As Amy Donahue tweets, tags and blogs the work day away, a little Wonder Woman figurine stands close by.
Amy is what you might call a social media "Wonder Woman," using her virtual networking powers for good.
Two years ago, Amy agreed to donate her kidney to a total stranger, after seeing a post on Twitter.
"I'm like, I'll do it. I'll donate my kidney..what do I have to do," she said.
Amy went into surgery just a few months later. The long-time comedian says she was surprised to learn how straight forward the surgery was and how quickly she recovered.
"I was hiking a month after the surgery. I went for a hike and people just don't get that it's that easy it's that simple," she said.
Amy donated her kidney to a woman she calls "Tiny Mom," who had been battling kidney failure for over 10 years. The transplant saved Tiny Mom's life and created an impenetrable bond between the women and their families.
"When I can see what something that took 90 minutes of surgery can change a whole family more people have to do it," said Amy.
And many more people did. Dozens of strangers contacted Amy online, saying they too wanted to donate.
The virtual exchange gave birth to Amy's Facebook page and blog, "Social Media Stole My Kidney."
For her logo, a portrait of Amy sitting in a bathtub of ice; a nod to the old wives take of waking up this way after your kidneys have been harvested.
In May, Amy will embark on a cross country trip to film a documentary.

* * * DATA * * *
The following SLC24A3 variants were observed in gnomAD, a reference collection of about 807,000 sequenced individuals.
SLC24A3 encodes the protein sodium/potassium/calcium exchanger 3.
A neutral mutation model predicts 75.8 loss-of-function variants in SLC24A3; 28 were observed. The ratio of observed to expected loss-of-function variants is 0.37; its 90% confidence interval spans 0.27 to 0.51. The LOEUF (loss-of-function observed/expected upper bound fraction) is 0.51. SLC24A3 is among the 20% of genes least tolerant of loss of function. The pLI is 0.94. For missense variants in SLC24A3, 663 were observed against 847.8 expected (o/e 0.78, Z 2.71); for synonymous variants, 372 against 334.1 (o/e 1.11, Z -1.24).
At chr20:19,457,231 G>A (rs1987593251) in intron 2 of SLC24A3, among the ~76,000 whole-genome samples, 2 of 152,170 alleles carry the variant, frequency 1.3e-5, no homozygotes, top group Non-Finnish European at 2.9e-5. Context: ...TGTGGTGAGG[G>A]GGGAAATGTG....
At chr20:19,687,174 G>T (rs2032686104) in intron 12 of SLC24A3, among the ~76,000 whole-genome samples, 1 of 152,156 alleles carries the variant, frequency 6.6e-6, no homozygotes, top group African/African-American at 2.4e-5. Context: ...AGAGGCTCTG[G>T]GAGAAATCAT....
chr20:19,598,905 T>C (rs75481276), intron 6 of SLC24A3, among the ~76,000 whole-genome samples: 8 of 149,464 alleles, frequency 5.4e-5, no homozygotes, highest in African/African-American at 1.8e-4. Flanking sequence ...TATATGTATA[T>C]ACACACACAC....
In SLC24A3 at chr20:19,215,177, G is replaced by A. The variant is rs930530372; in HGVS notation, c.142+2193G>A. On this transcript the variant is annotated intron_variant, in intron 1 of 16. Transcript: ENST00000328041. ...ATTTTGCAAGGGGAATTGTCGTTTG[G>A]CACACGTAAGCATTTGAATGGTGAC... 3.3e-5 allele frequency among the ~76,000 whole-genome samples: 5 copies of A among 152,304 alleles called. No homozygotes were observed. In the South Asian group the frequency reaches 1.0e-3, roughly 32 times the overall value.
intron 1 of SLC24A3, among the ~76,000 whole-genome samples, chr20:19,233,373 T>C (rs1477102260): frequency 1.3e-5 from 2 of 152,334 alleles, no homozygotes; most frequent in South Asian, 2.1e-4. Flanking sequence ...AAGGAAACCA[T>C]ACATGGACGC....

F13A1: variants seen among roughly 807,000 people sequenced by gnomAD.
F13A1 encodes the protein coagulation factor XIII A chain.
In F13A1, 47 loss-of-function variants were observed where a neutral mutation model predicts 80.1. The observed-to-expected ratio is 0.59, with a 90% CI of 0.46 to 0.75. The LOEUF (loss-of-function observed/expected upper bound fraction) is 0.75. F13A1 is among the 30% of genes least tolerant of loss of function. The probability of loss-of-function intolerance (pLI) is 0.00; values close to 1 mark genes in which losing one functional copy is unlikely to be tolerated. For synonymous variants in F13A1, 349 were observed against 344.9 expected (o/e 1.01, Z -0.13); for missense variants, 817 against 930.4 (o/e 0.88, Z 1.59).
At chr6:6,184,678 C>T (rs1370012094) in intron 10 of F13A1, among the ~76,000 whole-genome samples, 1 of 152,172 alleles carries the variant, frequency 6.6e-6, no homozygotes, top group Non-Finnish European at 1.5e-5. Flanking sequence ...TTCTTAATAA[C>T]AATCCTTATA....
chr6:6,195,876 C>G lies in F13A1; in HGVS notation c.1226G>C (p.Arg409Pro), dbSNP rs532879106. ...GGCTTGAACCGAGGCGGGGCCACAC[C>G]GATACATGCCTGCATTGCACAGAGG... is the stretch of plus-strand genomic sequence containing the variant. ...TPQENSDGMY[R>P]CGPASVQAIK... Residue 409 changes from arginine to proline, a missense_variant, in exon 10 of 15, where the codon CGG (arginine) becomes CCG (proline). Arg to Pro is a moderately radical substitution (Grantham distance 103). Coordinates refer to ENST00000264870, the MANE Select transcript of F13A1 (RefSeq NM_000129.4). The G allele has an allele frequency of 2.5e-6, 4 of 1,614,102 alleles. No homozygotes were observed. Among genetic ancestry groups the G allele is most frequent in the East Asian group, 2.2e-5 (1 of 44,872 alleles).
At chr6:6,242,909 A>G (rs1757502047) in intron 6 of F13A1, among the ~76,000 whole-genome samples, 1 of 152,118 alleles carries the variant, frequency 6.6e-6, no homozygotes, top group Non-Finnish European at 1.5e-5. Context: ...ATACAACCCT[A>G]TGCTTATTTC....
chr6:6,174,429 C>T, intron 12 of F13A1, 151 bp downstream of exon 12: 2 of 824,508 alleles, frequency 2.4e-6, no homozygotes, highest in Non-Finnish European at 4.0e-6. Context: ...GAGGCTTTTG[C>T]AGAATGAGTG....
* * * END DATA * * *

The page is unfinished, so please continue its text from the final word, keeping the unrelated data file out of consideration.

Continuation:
She'll finally meet, face to face, with 17 of the donors and two of the activists she's befriended through social media.
Tiny Mom's nephrologist, Dr. Jean Robey, is one of the film's biggest cheerleaders.
She hopes it will dispel organ donation myths, like the belief that a donor and recipient have to be related, or of the same race.
"It could raise the issue of chronic kidney disease to the level that it needs because its to par with diabetes and heart disease in terms of hurting patients," said Robey.
As Amy prepares kidney jokes for the comedy shows she'll perform on the road, she's also fundraising.
Through social media, of course. Using a site called Indiegogo, Amy has already raised thousands in donations, much of it from total strangers.
"I just want people too see this film and get behind it and believe in live organ donation because again, I was in the hospital for 48 hours. I was eating in a restaurant five days after donating. It was so easy I would do it again in a heart beat," said Amy.
Amy hopes to eventually show her film at festivals like South by Southwest and Sundance.
April 1 is the last day to donate to Amy's Indiegogo campaign online. If you're interested in helping her reach her goal of $65,000 you can contact her at the links below:
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